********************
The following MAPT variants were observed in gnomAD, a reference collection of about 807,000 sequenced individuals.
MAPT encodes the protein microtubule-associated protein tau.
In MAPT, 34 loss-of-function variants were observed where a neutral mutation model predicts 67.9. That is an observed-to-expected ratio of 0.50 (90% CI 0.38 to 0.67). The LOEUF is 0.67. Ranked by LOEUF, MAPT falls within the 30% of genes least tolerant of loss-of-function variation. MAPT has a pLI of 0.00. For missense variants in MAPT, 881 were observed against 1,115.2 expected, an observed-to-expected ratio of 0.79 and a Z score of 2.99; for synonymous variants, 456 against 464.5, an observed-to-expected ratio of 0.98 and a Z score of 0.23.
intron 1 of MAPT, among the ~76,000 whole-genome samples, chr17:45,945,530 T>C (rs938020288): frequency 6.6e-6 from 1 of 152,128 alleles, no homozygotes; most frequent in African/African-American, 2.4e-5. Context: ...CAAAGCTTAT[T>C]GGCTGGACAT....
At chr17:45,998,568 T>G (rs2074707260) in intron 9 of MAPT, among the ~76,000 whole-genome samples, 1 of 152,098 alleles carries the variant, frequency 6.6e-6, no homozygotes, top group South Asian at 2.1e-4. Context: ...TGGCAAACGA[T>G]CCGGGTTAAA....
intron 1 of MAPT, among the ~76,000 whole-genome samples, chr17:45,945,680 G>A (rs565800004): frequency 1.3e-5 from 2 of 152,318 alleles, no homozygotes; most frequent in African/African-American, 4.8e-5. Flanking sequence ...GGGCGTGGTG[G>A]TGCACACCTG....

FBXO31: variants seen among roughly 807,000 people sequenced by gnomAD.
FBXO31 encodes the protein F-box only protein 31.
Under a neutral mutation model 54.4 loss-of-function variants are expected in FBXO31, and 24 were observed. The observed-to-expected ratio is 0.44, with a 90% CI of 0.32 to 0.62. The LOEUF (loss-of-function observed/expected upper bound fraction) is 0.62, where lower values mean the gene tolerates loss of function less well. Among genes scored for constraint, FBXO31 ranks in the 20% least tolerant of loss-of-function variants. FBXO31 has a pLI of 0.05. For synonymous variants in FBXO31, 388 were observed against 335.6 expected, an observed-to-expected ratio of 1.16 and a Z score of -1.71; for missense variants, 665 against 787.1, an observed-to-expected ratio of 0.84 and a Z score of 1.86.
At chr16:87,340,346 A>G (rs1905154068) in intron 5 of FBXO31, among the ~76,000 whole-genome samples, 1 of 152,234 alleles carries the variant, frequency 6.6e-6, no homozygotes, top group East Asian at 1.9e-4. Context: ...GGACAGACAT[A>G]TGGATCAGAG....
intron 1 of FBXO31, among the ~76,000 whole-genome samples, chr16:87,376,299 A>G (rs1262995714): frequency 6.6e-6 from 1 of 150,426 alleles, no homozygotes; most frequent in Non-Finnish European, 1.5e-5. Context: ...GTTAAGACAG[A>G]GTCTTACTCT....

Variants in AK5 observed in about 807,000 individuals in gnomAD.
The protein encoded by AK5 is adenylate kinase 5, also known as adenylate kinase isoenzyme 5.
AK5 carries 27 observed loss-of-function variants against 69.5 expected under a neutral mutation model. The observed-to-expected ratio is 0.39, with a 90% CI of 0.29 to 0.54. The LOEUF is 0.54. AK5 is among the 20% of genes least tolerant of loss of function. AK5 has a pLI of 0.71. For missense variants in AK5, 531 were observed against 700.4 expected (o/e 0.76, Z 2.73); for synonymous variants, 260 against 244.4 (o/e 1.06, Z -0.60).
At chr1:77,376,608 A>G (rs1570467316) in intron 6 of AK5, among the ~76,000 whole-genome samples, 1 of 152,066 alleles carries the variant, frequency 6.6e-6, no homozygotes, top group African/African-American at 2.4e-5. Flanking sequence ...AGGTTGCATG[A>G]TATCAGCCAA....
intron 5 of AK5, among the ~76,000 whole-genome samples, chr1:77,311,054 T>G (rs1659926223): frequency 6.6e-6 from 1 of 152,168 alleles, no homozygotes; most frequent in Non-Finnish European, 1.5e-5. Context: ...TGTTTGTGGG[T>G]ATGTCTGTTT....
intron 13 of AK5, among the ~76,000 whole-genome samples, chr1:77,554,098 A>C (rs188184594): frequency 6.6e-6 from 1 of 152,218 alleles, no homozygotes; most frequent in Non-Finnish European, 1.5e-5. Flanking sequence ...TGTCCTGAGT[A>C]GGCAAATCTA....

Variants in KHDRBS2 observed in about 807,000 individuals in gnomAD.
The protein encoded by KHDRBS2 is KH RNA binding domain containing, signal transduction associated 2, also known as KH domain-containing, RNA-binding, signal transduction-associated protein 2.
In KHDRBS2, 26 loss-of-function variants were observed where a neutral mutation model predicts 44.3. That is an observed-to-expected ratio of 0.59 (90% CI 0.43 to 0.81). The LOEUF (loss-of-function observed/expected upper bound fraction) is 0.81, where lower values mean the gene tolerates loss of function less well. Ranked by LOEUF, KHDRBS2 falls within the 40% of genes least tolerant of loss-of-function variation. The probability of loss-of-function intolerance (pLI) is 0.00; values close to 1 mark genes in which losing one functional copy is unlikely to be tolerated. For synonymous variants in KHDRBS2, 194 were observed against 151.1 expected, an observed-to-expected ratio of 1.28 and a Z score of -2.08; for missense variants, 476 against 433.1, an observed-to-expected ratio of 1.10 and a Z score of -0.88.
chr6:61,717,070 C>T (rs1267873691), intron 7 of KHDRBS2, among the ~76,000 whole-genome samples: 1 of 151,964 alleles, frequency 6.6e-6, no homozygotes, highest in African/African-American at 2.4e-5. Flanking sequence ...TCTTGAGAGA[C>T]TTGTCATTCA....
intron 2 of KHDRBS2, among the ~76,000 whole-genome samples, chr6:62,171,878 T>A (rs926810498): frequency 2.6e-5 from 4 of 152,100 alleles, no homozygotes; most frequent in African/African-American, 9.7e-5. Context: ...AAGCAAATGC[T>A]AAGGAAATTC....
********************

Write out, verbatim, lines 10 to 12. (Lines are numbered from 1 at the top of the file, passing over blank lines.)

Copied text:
At chr16:87,340,346 A>G (rs1905154068) in intron 5 of FBXO31, among the ~76,000 whole-genome samples, 1 of 152,234 alleles carries the variant, frequency 6.6e-6, no homozygotes, top group East Asian at 1.9e-4. Context: ...GGACAGACAT[A>G]TGGATCAGAG....
intron 1 of FBXO31, among the ~76,000 whole-genome samples, chr16:87,376,299 A>G (rs1262995714): frequency 6.6e-6 from 1 of 150,426 alleles, no homozygotes; most frequent in Non-Finnish European, 1.5e-5. Context: ...GTTAAGACAG[A>G]GTCTTACTCT....

Variants in AK5 observed in about 807,000 individuals in gnomAD.